If you are considering plastic surgery or any cosmetic procedure, you should read this.

In the media of late there have been reports and health warnings relating to unregistered practitioners and “backyard” beauty salons performing cosmetic surgery and procedures across NSW, as well as other parts of Australia and overseas. At the end of October 2014 the International Society of Aesthetic Plastic Surgery (ISAPS) issued a press release specifically relating to unlicensed practitioners and medical tourism. This was a result of the deaths of two United Kingdom citizens who had travelled to other countries to have cosmetic procedures performed by uncertified practitioners.

As cosmetic enhancement gains popularity and becomes more accessible to Australians though the introduction of the latest and greatest devices on the market; more and more people are looking to undergo procedures. Unfortunately, this also brings out those that want to make money from the industry boom.

Cosmetic devices are being sold to, and bought by, private people opening salons in their homes or rented premises; and beauty salons and clinics where they are then used by practitioners who have had little or no training. Often there are no doctors or nurses involved with any part of the process in these environments and the consumer is the one who ends up paying the price, not just out of their pocket but with their appearances, health, and in a few rare cases, their lives. As with many industries that have a surge in technological advancements and popularity, regulation takes a while to catch up.

At the Plastic Surgery Hub we are always encouraging our readers to research any plastic surgeons and cosmetic practitioners that you may be considering using for any surgery or procedure. Make sure you understand exactly what is involved in any procedure before undertaking. The ISAPS advises of four factors to consider when looking into any plastic surgery or cosmetic procedure. These are:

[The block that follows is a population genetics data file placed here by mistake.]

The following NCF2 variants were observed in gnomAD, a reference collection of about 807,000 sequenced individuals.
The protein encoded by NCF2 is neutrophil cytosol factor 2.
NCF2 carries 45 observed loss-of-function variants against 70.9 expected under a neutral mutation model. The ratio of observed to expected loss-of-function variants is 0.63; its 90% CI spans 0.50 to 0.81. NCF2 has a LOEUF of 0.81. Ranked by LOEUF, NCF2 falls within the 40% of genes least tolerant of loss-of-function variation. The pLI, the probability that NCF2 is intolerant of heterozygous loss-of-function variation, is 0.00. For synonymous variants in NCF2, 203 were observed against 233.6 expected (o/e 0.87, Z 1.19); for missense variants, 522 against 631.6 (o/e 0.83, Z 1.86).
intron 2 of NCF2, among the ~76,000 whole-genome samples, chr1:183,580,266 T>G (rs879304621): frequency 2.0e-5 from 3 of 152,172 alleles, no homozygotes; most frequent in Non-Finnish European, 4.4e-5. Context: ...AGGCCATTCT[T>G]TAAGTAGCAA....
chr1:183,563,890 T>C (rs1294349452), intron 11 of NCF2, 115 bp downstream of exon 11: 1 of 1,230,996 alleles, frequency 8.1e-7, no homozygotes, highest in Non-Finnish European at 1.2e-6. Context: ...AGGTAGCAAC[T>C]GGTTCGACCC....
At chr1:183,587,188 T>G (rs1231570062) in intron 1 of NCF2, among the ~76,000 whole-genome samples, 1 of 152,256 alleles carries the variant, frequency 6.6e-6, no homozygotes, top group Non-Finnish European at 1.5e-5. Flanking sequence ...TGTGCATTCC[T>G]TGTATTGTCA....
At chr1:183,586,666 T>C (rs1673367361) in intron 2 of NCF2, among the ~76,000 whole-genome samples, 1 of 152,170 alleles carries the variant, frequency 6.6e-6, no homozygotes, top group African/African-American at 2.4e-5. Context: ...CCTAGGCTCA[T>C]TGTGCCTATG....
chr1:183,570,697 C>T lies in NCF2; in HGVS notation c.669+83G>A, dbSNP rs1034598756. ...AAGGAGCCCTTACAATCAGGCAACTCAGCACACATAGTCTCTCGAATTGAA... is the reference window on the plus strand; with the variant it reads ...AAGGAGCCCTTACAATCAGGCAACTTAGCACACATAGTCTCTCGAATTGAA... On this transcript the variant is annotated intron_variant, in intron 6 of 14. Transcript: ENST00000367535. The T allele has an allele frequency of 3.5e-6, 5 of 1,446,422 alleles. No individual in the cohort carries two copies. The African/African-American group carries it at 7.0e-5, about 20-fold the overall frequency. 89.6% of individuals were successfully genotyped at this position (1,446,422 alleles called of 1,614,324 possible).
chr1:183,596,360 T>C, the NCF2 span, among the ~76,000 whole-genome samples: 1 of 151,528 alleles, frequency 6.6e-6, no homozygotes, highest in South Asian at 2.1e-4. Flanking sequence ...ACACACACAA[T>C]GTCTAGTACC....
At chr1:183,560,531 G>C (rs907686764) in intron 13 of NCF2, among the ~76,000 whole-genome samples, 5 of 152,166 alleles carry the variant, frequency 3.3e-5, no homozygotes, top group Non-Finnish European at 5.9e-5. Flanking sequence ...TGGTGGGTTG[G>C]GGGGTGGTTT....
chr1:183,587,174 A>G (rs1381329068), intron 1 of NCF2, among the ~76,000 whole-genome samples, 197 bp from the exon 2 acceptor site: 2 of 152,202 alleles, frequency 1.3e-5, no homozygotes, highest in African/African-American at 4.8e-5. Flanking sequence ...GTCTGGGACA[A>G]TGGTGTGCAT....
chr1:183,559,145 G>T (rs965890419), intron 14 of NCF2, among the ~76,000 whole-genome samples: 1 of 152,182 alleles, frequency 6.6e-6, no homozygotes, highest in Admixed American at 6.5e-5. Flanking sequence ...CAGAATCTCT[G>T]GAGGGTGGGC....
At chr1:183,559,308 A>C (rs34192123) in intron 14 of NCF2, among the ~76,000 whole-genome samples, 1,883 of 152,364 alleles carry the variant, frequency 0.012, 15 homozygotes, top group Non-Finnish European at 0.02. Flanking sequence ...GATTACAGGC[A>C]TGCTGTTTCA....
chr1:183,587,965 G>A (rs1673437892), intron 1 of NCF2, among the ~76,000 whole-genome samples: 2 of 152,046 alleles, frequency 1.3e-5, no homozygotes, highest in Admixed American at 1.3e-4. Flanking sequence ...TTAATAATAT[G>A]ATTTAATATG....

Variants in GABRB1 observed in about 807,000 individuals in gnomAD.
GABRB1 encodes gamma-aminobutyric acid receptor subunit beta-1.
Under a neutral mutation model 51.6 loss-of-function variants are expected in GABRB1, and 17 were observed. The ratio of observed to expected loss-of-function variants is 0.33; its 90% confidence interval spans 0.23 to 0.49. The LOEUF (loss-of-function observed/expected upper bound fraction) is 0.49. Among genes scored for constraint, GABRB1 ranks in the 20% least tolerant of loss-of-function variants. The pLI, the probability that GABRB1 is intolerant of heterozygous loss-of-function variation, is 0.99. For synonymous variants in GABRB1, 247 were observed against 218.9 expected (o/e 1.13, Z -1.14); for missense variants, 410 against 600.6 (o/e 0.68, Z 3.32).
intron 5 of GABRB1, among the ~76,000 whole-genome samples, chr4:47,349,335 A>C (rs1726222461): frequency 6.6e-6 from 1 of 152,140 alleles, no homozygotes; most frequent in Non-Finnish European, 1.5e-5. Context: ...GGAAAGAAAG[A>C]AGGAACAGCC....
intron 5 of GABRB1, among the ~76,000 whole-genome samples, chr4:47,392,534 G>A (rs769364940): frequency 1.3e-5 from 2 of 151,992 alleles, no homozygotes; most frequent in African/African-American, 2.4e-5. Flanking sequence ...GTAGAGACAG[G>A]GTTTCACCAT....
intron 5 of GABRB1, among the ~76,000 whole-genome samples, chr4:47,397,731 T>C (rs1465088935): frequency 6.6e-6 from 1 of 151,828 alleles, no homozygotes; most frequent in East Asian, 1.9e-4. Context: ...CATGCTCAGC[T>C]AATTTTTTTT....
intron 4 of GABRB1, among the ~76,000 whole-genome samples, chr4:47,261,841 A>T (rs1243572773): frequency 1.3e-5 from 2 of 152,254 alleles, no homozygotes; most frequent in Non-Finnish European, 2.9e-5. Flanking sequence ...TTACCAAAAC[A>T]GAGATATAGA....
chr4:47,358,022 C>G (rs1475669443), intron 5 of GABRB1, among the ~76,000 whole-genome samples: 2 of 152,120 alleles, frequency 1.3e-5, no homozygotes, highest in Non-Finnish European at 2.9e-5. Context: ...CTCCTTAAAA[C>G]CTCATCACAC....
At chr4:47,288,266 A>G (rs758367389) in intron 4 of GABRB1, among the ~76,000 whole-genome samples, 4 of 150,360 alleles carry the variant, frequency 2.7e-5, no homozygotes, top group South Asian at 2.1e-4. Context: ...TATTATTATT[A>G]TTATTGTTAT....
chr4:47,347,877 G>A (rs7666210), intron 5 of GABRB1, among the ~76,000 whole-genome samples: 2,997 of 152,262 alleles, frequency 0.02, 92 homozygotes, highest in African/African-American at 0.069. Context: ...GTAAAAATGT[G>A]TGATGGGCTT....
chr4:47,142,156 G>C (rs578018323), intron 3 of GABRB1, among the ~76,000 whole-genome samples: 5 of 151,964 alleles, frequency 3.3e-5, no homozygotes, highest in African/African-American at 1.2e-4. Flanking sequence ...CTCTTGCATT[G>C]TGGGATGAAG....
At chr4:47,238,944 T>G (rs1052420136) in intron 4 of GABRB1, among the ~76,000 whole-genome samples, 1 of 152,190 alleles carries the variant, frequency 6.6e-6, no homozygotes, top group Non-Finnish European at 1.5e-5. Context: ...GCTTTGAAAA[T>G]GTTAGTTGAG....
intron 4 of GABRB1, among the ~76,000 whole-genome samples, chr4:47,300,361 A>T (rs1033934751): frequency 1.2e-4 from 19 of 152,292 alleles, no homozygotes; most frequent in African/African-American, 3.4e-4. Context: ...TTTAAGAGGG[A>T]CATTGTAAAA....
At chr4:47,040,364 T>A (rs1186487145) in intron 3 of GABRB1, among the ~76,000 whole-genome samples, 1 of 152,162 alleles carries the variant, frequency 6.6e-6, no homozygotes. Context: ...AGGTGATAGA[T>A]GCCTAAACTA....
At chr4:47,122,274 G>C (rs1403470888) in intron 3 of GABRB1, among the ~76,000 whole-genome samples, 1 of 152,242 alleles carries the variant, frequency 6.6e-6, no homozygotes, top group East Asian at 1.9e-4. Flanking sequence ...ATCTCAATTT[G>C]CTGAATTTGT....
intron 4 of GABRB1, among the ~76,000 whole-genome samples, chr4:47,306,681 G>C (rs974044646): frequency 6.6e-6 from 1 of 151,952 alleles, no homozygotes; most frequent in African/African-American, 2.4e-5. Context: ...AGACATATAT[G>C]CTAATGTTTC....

Procedure – Choose the procedure right for you. Don’t let anyone else decide for you. Have realistic expectations and do your research about how long the procedure is expected to take and what is involved.

Patient – Plastic and cosmetic surgeons should have your best interests at heart. You should always have a meeting/consultation with any surgeon or practitioner before any surgery or procedure to ensure that you are not a candidate at risk of complications due to any pre-existing condition.

Surgeon – Research your surgeon. Where possible, speak to previous patients. Make sure the surgeon is board-certified and check their training credentials with the medical board in the surgeon’s country.

The Australian Health Practitioner Regulation Agency (AHPRA) is the organisation that monitors and regulates practitioners in Australia and if you have any concerns about a practitioner you have come across or have experience with, go here for more information.

Surgical setting – standards vary among countries. Hospitals should be certified, and obviously any salon or clinic should be clean, well-organised and registered with the appropriate body (see above).

To read the full ISAPS press release click here.

For more information on or to locate certified and qualified plastic and cosmetic surgeon near you click here.

Trish

Trish is a plastic surgery blogger. She is passionate about wellbeing, health and beauty, and doesn't mind a little bit of 'help' from the amazing cosmetic and beauty procedures that are available today. Trish spends her days talking to women and men who are looking for suggestions and advice on procedures that are available to them. Cutting through the sales pitch and hype, a down-to-earth response on general information is what you will get.

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